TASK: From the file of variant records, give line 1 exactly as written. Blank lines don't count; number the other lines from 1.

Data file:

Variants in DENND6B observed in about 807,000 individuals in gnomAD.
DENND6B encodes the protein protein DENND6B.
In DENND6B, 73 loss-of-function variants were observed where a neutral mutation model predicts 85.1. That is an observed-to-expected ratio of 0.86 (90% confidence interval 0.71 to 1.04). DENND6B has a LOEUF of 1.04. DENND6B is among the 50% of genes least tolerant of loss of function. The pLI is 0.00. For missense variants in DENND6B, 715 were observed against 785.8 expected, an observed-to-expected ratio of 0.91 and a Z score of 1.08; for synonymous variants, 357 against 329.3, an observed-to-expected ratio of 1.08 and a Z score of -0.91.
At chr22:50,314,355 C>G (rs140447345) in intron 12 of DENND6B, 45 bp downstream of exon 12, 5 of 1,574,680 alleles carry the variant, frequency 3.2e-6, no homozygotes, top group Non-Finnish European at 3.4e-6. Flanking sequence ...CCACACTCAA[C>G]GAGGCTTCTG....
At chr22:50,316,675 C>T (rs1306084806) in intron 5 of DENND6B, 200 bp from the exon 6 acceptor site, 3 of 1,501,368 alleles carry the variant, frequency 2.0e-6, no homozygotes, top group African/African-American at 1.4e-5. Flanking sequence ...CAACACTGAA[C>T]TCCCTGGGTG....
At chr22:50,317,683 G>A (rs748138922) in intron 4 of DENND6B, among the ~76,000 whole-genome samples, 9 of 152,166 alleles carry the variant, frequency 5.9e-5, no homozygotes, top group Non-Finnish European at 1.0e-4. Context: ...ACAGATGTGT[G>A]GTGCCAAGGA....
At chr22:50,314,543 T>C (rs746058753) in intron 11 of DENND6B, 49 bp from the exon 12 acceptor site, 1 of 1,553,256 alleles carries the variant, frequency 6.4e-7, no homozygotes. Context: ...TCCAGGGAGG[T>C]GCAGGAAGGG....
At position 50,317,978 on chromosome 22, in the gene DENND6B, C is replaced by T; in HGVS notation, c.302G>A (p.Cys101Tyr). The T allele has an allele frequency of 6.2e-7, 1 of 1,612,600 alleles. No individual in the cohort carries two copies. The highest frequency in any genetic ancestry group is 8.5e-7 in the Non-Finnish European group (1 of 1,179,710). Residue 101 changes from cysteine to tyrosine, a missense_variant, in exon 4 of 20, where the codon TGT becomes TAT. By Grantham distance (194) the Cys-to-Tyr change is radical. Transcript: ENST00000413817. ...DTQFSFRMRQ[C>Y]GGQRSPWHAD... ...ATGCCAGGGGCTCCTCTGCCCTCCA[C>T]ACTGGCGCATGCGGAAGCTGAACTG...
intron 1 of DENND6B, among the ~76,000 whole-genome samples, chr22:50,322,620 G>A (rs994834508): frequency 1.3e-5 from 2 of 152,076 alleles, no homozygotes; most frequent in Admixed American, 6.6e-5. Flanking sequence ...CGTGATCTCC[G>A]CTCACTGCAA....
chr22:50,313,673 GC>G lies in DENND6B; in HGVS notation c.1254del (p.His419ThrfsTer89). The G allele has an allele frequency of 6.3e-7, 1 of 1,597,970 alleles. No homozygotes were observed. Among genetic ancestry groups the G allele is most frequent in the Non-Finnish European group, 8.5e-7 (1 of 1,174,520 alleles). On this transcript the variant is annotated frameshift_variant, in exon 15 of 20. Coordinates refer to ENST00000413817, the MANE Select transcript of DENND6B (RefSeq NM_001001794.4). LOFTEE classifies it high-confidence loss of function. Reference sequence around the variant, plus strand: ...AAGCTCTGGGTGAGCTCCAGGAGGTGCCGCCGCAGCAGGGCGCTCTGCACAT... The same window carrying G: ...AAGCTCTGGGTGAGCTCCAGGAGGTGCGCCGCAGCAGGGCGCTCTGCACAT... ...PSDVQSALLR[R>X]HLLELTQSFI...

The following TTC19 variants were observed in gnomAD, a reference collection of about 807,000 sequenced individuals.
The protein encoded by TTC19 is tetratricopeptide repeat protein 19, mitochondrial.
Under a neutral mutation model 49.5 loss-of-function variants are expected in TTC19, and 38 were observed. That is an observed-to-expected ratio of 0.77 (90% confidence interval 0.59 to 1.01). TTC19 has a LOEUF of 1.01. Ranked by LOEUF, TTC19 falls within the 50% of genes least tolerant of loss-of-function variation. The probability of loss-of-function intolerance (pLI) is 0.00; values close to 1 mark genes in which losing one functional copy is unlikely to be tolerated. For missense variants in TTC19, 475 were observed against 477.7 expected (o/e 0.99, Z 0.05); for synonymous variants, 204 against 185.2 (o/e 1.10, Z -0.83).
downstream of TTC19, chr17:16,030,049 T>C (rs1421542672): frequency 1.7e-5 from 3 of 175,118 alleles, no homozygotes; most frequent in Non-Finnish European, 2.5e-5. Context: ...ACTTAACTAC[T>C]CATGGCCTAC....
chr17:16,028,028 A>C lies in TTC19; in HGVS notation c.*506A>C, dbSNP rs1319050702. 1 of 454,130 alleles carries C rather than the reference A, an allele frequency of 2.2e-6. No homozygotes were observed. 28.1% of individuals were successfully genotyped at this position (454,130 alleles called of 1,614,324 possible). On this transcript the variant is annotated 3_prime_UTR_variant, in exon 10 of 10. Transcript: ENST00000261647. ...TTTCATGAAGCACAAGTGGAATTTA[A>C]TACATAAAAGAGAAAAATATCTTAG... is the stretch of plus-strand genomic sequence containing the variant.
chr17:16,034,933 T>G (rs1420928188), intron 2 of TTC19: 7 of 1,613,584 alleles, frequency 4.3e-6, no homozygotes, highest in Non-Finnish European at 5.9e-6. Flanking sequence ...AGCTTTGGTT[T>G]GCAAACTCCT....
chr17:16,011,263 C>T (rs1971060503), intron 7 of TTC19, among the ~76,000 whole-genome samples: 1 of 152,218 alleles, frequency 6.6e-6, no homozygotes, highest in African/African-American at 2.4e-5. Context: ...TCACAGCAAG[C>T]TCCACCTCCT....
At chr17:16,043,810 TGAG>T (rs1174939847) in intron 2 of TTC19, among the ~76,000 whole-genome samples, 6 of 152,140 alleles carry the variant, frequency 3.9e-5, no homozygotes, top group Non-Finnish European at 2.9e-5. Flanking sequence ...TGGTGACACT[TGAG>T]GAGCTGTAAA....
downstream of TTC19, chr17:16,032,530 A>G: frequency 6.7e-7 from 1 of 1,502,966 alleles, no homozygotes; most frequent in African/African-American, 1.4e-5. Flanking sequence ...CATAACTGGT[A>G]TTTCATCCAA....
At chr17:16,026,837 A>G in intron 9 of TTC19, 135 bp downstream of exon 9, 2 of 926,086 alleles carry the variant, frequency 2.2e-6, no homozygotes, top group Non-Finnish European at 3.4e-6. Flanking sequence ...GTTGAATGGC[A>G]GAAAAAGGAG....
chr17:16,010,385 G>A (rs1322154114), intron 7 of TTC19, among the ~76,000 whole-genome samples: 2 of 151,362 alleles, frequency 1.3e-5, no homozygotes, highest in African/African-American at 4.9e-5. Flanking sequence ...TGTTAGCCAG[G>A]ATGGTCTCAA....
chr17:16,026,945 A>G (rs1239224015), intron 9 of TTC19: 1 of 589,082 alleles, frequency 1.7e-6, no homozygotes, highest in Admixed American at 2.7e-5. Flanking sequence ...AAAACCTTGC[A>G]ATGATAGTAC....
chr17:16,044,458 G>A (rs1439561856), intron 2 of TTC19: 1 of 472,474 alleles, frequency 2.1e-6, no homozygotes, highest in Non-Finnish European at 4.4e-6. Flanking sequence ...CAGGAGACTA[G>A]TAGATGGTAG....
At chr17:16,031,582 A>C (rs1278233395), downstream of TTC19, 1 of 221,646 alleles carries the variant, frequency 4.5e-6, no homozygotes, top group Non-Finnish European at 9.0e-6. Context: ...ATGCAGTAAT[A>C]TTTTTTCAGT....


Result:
Variants in DENND6B observed in about 807,000 individuals in gnomAD.